The C.A.M. Report
Complementary and Alternative Medicine: Fair, Balanced, and to the Point
  • About this web log

    This blog ran from 2006 to 2016 and was intended as an objective and dispassionate source of information on the latest CAM research. Since my background is in pharmacy and allopathic medicine, I view all CAM as advancing through the development pipeline to eventually become integrated into mainstream medical practice. Some will succeed while others fail. But all are treated fairly here.

  • About the author

    John Russo, Jr., PharmD, is president of The MedCom Resource, Inc. Previously, he was senior vice president of medical communications at, a complementary and alternative medicine website.

  • Common sense considerations

    The material on this weblog is for informational purposes. It is not medical advice or counsel. Be smart, consult your health professional before using CAM.

  • Recent Posts

  • Recent Comments

    Herbal use and adherence to steroids during asthma treatment

    Researchers from Mount Sinai School of Medicine, in New York, studied the association among herbal use, adherence to prescribed inhaled corticosteroids, and the effect on disease control.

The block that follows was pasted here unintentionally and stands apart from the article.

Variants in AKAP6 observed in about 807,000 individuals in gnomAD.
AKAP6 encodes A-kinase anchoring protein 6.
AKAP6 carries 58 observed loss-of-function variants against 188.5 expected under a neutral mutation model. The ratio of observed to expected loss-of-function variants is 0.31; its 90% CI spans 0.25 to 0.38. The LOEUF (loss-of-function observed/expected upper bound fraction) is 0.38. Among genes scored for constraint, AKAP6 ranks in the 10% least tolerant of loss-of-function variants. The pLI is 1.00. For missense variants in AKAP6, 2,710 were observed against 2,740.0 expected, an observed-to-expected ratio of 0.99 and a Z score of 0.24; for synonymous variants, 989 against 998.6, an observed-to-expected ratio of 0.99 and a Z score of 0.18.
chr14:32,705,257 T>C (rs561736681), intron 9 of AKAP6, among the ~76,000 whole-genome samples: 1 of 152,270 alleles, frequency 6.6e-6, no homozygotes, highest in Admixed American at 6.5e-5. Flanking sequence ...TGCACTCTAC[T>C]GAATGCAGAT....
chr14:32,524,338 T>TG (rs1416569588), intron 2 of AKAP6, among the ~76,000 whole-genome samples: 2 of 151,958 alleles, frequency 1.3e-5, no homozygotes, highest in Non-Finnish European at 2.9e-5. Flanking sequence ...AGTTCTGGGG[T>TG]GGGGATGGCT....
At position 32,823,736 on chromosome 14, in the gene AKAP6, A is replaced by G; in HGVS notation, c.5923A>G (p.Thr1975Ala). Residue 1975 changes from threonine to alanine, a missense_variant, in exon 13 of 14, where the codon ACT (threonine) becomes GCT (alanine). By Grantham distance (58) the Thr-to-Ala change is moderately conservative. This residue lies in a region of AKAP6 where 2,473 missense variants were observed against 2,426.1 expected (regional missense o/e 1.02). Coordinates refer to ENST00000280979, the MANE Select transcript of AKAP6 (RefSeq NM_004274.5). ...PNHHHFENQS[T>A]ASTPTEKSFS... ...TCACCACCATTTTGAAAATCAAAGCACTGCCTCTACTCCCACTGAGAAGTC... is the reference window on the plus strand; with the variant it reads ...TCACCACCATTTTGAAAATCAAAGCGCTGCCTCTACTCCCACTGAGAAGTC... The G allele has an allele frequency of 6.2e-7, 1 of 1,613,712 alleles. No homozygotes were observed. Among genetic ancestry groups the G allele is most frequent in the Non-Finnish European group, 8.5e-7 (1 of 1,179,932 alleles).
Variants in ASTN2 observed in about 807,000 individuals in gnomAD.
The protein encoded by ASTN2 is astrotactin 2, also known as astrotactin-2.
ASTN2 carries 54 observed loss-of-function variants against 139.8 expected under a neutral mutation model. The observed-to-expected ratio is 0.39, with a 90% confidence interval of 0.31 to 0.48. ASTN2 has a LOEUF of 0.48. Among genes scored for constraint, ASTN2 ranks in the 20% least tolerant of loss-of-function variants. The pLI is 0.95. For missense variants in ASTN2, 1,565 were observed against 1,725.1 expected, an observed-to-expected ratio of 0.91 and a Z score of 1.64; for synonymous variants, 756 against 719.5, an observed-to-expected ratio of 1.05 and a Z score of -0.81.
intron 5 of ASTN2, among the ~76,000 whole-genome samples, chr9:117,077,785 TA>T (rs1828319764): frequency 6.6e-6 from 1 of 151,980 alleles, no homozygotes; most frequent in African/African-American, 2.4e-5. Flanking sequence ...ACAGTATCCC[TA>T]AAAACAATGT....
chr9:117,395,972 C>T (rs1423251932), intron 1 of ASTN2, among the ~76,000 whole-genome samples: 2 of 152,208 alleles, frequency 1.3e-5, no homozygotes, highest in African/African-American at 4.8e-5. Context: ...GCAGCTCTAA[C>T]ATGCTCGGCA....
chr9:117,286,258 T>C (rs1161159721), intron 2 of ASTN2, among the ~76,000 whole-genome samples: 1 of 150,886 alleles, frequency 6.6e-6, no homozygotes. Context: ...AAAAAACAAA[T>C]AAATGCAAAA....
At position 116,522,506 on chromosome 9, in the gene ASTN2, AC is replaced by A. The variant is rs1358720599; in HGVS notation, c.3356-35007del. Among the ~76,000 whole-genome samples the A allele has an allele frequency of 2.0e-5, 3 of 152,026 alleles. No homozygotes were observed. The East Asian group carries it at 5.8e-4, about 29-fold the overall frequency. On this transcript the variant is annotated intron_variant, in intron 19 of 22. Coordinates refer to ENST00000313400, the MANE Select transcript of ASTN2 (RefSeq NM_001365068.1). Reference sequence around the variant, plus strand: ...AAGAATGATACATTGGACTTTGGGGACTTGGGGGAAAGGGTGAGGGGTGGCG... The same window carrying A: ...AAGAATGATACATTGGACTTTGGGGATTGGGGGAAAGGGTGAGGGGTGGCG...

First, the details.

    • 326 inner city adults with persistent asthma were surveyed.
    • Patients were asked about CAM use (teas, herbs, and rubs) for the treatment of asthma during the prior 6 months.
    • Medication adherence was assessed.
    • Statistics were used to analyze the relationship among herbal remedy use and adherence to inhaled corticosteroids.

    And, the results.

    • 25% of patients reported using  an herbal remedy.
    • The use of an herbal remedy was associated with less likelihood to take their inhaled corticosteroid treatment as directed.
    • Herbal use was also associated with more asthma complications.
    • Poorer adherence to treatment was not affected by potentially confounding factors.
    • Herbal remedy users were also more likely to worry about the side effects of inhaled corticosteroids.

    The bottom line?

    People with asthma who take herbals are less likely to take prescribed inhaled corticosteroids as directed. They also experience greater complications due to asthma, and worry about the steroids.

    The authors conclude that doctors should question their patients about herbal use, and be aware of the potential problems.

    I’ve linked to the complete article where the authors discuss the possible reasons for their findings.

    One thing the authors don’t address is the source of the herbals and the potential bias toward steroids that patients may have received from the herbal provider. This might lead lead to anxiety and lower reliance on inhaled medication to manage their asthma.

    All healthcare providers must be aware of the positive and negative effects of verbal and nonverbal communications on their patients’ perceptions and understanding of their treatment and disease.

    3/20/10 20:20 JR

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